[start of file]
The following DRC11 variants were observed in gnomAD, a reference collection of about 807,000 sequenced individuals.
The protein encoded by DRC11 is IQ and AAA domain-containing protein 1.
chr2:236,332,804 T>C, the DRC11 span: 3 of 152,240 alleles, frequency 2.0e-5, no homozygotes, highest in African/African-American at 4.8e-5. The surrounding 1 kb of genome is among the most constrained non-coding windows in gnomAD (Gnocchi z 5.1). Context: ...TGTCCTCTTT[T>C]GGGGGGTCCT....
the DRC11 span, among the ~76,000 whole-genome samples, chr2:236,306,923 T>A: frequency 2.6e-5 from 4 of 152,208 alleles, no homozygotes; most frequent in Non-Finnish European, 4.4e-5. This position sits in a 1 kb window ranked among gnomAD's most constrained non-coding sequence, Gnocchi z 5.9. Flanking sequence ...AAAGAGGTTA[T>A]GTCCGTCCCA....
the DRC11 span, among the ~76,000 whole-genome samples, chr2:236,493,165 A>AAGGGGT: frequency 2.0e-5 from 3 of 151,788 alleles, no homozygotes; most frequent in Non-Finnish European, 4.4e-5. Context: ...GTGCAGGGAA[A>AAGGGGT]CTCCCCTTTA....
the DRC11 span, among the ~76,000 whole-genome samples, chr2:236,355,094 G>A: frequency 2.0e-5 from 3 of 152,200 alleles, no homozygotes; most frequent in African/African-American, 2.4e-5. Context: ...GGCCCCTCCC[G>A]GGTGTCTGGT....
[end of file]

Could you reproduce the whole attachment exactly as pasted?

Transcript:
The following DRC11 variants were observed in gnomAD, a reference collection of about 807,000 sequenced individuals.
The protein encoded by DRC11 is IQ and AAA domain-containing protein 1.
chr2:236,332,804 T>C, the DRC11 span: 3 of 152,240 alleles, frequency 2.0e-5, no homozygotes, highest in African/African-American at 4.8e-5. The surrounding 1 kb of genome is among the most constrained non-coding windows in gnomAD (Gnocchi z 5.1). Context: ...TGTCCTCTTT[T>C]GGGGGGTCCT....
the DRC11 span, among the ~76,000 whole-genome samples, chr2:236,306,923 T>A: frequency 2.6e-5 from 4 of 152,208 alleles, no homozygotes; most frequent in Non-Finnish European, 4.4e-5. This position sits in a 1 kb window ranked among gnomAD's most constrained non-coding sequence, Gnocchi z 5.9. Flanking sequence ...AAAGAGGTTA[T>A]GTCCGTCCCA....
the DRC11 span, among the ~76,000 whole-genome samples, chr2:236,493,165 A>AAGGGGT: frequency 2.0e-5 from 3 of 151,788 alleles, no homozygotes; most frequent in Non-Finnish European, 4.4e-5. Context: ...GTGCAGGGAA[A>AAGGGGT]CTCCCCTTTA....
the DRC11 span, among the ~76,000 whole-genome samples, chr2:236,355,094 G>A: frequency 2.0e-5 from 3 of 152,200 alleles, no homozygotes; most frequent in African/African-American, 2.4e-5. Context: ...GGCCCCTCCC[G>A]GGTGTCTGGT....